Döstädning, anyone?

If you’ve ever looked around your home and wondered where on earth all the ‘stuff’ came from, you’re not alone.

  • Summer 2019
  • Lifestyle

Drowning in accumulated essentials and endless bric-abrac, the prospect of a good clear out seems appealing… but not enough to actually do it. That is, until necessity demands. 

Downsizing to reduce a burden of maintenance, release capital, meet changing health or mobility needs, or simply embark on a new chapter means those bursting cupboards can no longer be ignored. Time, perhaps, to embrace Sweden’s döstädning philosophy? Loosely described as the process by which we create order in our lives as we prepare for the inevitable, the philosophy may not be cheery, but we all know it makes sense.

Döstädning is explored by Swedish author Margareta Magnusson, while Japanese author Marie Kondo’s ‘KonMari’ method has also become hugely popular. Essentially, both decluttering methods involve identifying the items you genuinely use or have meaning in your life and jettisoning the rest. But where do you start?

Think about what you really need

Make a list of the things you know you really need. These can be general household necessities, leisure items, or sentimental items you know you can’t bear to part with. Think about things you know you won’t use again—gift, sell or donate to someone who will.

Start small

You can’t expect to cull years’ worth of possessions in one day—it will take time and, yes, it will be difficult. Commit to clearing out one room, or even one cupboard or drawer over a day or weekend.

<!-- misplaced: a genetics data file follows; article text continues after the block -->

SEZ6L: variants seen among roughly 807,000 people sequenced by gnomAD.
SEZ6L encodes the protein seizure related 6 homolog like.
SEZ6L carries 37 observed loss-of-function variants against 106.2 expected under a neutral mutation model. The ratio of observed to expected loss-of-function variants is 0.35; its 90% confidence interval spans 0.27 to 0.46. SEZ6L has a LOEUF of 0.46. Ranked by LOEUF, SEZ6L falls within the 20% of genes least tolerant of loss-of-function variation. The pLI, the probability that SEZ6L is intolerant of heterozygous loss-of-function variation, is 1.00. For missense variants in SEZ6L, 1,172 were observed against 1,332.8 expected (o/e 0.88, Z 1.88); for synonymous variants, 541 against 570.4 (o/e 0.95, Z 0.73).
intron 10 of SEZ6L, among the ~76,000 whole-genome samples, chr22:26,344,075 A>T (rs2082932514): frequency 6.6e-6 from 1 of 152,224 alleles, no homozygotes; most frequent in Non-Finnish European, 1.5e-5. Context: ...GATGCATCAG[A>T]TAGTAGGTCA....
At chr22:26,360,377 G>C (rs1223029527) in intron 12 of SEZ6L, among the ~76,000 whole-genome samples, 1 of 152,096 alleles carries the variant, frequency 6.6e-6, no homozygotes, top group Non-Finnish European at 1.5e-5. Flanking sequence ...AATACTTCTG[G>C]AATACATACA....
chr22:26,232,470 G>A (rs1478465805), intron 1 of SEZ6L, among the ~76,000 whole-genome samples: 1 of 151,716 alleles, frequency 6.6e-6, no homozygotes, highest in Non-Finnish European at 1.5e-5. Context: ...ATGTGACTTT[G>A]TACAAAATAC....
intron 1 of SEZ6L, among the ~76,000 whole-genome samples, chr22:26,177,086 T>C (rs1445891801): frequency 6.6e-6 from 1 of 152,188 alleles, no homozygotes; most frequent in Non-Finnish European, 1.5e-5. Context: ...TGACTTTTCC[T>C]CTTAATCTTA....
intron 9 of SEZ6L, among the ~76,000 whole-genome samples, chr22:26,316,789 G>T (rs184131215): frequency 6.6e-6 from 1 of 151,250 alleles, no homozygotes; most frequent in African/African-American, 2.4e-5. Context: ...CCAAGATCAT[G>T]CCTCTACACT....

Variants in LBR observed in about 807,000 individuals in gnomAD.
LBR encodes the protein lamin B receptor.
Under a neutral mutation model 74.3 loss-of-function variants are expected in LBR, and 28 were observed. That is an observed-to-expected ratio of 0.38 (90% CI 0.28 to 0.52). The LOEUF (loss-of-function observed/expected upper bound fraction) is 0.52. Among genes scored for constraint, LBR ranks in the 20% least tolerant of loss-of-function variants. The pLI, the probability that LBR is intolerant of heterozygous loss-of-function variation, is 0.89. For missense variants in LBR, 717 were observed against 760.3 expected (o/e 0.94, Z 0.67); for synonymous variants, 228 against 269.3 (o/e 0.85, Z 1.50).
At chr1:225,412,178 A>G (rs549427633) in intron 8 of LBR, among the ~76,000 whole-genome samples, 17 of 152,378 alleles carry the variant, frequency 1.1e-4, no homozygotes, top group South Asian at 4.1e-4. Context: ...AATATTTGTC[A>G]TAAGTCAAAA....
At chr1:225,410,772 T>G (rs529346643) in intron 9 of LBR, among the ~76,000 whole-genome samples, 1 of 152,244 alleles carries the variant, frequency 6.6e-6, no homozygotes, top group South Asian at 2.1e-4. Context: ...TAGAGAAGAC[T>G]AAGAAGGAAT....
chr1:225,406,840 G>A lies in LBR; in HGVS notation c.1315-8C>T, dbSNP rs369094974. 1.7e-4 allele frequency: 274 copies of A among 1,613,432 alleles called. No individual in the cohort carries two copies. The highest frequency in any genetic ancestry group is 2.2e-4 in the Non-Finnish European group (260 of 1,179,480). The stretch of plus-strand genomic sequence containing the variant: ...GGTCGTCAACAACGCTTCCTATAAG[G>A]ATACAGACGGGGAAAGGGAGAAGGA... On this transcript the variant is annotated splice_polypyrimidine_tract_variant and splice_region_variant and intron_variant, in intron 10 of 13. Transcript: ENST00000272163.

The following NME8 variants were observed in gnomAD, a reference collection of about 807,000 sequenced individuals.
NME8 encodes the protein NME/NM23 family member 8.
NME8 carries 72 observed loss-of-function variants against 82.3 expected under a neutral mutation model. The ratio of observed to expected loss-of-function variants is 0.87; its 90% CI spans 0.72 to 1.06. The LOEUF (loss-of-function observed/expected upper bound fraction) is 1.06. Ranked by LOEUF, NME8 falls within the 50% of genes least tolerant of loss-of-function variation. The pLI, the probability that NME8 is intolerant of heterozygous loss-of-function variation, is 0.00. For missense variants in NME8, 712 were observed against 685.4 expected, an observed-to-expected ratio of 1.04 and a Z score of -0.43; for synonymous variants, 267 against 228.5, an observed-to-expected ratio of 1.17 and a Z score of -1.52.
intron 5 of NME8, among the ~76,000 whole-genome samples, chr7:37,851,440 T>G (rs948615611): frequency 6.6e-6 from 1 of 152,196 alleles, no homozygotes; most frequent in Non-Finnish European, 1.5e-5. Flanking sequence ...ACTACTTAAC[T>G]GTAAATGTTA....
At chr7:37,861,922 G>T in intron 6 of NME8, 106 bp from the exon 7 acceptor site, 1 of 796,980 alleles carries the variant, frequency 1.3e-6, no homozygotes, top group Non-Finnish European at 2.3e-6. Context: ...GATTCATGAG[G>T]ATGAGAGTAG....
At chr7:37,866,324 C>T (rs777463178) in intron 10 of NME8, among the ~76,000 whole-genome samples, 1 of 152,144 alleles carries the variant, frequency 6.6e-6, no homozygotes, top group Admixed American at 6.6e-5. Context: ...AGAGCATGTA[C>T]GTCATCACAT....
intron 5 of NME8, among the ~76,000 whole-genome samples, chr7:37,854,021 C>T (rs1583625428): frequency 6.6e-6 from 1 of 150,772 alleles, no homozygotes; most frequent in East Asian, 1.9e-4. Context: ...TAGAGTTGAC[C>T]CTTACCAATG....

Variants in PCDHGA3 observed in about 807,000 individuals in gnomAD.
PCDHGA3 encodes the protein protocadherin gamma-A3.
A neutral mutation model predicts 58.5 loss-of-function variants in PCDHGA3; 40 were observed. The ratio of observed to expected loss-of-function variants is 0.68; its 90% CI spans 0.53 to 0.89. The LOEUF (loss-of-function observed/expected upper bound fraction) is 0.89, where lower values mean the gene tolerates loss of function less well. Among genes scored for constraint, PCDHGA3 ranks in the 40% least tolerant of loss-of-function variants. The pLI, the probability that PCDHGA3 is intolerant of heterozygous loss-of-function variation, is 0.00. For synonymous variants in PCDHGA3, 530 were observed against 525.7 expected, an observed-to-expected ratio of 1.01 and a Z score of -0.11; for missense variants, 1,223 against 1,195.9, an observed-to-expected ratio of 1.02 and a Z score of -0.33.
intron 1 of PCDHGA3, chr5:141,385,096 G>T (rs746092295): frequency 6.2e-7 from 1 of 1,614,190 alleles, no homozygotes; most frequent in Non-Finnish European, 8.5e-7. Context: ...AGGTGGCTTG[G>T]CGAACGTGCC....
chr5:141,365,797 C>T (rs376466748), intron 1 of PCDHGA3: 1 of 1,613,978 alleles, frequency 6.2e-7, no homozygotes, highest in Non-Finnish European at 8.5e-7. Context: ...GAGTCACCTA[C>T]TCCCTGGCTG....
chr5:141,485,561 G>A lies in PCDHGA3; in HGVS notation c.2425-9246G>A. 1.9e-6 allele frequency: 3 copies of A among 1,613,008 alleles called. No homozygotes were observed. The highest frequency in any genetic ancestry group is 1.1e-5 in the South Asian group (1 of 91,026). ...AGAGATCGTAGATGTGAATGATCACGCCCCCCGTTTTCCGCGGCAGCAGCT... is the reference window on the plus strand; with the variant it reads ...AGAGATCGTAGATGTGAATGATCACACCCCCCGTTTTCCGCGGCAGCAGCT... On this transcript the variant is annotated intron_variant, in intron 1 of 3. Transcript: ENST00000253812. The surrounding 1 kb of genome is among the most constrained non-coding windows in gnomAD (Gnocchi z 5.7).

Know that it will be emotional

Emotional attachments are inevitable as we look back on the memories and experiences we associate with our possessions. 

Consider ways you may be able to keep the memory while clearing out. For example, you might have a dress or suit you wore on a special occasion but will never wear again. Perhaps keep a photo of it (especially if you have one of that occasion) instead, and then donate it. 

Go digital where you can

We all have cupboards and drawers full of paperwork, photos, and documents. Think about how much of it can be digitalised to save you physical space. You can register for paperless bills, banking, and taxation, and scan old paper documents and photos onto a hard drive. Going digital has the added bonus of being more environmentally friendly and, best of all, if you back up your important documents online, there’s no need to worry about it being destroyed in case of fire or flood.

Do a wardrobe cleanse

You might regularly go through the pain of “I have nothing to wear”, but when you see all of your clothing in one big pile, you’ll be surprised by how much is there and, more importantly, how much of it you don’t wear.

The best rule of thumb for deciding which items of clothing to get rid of is whether you’ve worn it in the last 12 months. If the answer is “no”, it’s unlikely you’ll wear it again.

Anything in good condition can be donated or sold (especially if it’s a popular label or brand). Clearing out your wardrobe will make it easier to see what you’ve got and simplify the decision-making process of what to wear each day. 

Be ruthless

Have a ’keep‘ pile and a ’get rid of’ pile, but no ’maybe‘ pile. You need to make the difficult choices as you go.

Keep what you love

Remember, you’re decluttering and perhaps downsizing, not going backpacking (unless of course you are!). There’s no need to go overboard—if you love that vase just because it’s beautiful, keep it. 

Once you’ve decided what goes, sell anything of value. A garage sale is a bit of effort, but a great way to get rid of a lot in one morning. Anything left over you can either list for sale online, or donate to an op shop. In most cases there’s no reason to dump—if it had a place in your home, it could just as easily be enjoyed in someone else’s. Reduce the environmental burden and remember that in today’s parlance, nothing is ‘old’, it’s retro, vintage or perfect for upcycling!


Forever young
  • Summer 2019
  • Feature

Forever young